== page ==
A Defense Department review of how an Army laboratory in Utah distributed scores of live anthrax samples to facilities across the United States and overseas found systemic problems with irradiation and testing procedures that have been used there for a decade, but determined that a root cause is still not certain.
The review was called for by Deputy Defense Secretary Robert O. Work in May following the revelation that Dugway Proving Ground in Utah inadvertently shipped live samples of the deadly bacteria that reached at least 86 commercial and government laboratories in seven foreign countries, 20 U.S. states and the District of Columbia.
Work said in a news conference Thursday that he expects that the number of labs involved will continue to grow as the Centers for Disease Control and Prevention track where the anthrax samples were distributed. The review found that 17 of 33 batches grown and irradiated at Dugway and tested again as part of the review were found to contain live anthrax after they were labeled as dead.
“Obviously, when over half of those anthrax batches that were presumed to be inactivated were then proven to contain live spores, we have a major problem,” Work said. He later added: “We are shocked by these failures.”
Work said he directed Army Secretary John McHugh to conduct an investigation into who was responsible for making decisions that led to the problems. It isn’t clear what form that might take, but Frank Kendall, undersecretary of defense for acquisition, technology and logistics, suggested that the Army inspector general could become involved. He oversaw the review that Work ordered.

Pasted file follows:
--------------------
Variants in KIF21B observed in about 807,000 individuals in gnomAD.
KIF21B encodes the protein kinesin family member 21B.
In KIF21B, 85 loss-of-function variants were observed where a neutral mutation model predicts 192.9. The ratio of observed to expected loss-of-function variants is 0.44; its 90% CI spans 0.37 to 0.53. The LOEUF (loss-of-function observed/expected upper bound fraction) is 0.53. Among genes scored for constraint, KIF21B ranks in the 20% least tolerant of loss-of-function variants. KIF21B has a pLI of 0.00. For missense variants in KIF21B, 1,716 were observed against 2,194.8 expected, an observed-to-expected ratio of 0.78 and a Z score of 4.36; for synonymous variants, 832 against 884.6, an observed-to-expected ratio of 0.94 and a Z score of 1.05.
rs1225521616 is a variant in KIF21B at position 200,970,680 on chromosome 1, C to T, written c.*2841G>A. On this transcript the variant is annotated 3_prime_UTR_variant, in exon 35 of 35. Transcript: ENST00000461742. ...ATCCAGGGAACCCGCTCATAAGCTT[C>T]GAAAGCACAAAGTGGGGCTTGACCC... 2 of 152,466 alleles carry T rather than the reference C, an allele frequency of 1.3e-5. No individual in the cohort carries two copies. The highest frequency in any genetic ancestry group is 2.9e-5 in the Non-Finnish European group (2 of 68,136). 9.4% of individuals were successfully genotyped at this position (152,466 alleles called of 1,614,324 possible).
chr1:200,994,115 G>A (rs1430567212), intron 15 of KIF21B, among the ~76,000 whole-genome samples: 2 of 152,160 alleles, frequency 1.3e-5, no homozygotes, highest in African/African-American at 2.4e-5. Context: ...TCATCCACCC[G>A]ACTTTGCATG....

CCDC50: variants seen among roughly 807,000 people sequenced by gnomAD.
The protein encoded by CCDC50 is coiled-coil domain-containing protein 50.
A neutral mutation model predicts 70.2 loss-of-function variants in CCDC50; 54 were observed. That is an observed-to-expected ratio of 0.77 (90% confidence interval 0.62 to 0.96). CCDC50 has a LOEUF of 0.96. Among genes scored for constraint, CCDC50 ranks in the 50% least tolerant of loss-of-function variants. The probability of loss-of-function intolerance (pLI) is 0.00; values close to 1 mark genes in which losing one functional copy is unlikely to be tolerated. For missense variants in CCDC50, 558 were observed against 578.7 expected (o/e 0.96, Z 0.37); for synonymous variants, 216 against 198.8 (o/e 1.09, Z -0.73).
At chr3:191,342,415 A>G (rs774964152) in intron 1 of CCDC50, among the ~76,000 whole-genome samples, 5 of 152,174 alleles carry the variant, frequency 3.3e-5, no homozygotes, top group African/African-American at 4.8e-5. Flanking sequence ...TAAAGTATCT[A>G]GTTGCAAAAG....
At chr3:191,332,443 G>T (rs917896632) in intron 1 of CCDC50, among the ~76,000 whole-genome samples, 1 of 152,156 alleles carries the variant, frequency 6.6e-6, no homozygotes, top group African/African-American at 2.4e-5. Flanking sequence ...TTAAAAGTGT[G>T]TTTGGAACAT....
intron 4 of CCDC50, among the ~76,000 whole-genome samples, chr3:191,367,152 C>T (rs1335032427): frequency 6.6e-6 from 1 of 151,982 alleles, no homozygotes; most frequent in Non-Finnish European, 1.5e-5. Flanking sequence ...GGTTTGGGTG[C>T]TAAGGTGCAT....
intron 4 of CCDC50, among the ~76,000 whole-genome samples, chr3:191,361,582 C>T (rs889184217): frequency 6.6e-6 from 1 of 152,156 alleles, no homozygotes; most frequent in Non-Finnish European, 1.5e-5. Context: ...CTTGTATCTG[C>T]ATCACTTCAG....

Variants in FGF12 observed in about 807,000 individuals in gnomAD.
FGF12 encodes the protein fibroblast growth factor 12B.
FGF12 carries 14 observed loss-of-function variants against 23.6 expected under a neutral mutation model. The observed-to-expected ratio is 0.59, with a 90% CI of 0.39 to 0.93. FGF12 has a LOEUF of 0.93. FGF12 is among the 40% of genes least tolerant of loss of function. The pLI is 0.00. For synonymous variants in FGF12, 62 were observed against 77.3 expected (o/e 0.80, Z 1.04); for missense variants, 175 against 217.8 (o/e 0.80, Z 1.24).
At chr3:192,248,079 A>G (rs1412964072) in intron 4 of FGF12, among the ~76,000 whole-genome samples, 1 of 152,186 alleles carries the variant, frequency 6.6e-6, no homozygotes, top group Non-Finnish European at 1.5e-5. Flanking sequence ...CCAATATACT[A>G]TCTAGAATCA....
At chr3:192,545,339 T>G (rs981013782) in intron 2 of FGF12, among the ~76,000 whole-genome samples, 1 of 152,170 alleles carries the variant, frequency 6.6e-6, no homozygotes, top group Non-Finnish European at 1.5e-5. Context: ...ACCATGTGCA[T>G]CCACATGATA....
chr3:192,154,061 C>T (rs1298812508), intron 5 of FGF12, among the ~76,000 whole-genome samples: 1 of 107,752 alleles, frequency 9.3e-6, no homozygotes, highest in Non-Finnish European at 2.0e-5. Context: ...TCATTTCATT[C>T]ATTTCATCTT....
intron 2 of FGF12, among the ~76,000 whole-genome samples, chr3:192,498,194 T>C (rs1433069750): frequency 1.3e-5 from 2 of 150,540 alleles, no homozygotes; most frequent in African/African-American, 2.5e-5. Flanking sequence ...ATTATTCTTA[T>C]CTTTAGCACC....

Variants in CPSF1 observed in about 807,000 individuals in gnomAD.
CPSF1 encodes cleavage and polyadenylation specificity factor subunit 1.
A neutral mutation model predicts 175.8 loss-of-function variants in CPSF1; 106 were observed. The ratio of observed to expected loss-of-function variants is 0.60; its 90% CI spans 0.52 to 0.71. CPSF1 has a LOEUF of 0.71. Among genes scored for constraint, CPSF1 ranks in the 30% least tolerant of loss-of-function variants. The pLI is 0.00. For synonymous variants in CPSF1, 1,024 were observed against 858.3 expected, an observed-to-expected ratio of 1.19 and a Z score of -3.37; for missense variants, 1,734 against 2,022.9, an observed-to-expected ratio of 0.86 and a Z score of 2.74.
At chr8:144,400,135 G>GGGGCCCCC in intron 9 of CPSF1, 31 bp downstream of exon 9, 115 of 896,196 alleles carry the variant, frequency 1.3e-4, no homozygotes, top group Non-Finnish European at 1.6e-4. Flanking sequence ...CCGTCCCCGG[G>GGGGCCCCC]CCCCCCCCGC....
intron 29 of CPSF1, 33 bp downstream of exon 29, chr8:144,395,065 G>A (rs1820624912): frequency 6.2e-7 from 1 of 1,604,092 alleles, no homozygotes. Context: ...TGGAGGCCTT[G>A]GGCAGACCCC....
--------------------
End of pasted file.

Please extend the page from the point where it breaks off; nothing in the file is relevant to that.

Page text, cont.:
McHugh is “deeply troubled by the report’s findings” and has ordered a corrective plan to be developed, Army Col. David P. Doherty, a service spokesman, said in a statement Thursday. An investigation will be launched to determine any failures of leadership, he added.
The first live sample was reported May 22 by a private, undisclosed laboratory in Maryland that received it from the Edgewood Chemical Biological Center at Aberdeen Proving Ground, northeast of Baltimore. The samples were to be used in testing to help develop ways to find live anthrax in the field. The anthrax was supposed to have been killed by gamma radiation.
A 38-page report released by the Pentagon on Thursday said that while Dugway is one of several government facilities that store and irradiate live anthrax, the lab is the primary producer of it and other toxins used in research. It made the largest batches of any Defense Department facility, tested the smallest samples to make sure they were dead and did so the soonest after irradiation was applied.
The review raised the possibility that some anthrax may have been damaged by the gamma rays, but not killed. Given time, the bacteria can regenerate itself, investigators found.
“It is recommended that a series of experiments be performed to ensure that all DoD laboratories working with [anthrax] use conditions that allow for the capture and growth of any injured spore,” the report said.
The review also said it cannot be ruled out that live and irradiated anthrax were cross-contaminated. It recommended testing anthrax after irradiation in a different facility.
Work said Thursday that while he was unhappy with the findings of the review, it was highly unlikely that an employee working with the anthrax could have been infected. Anthrax is highly contagious in powder form, but was shipped as a liquid in several forms of packaging. To get sick, a healthy individual would have needed to drink more than one sample, he said.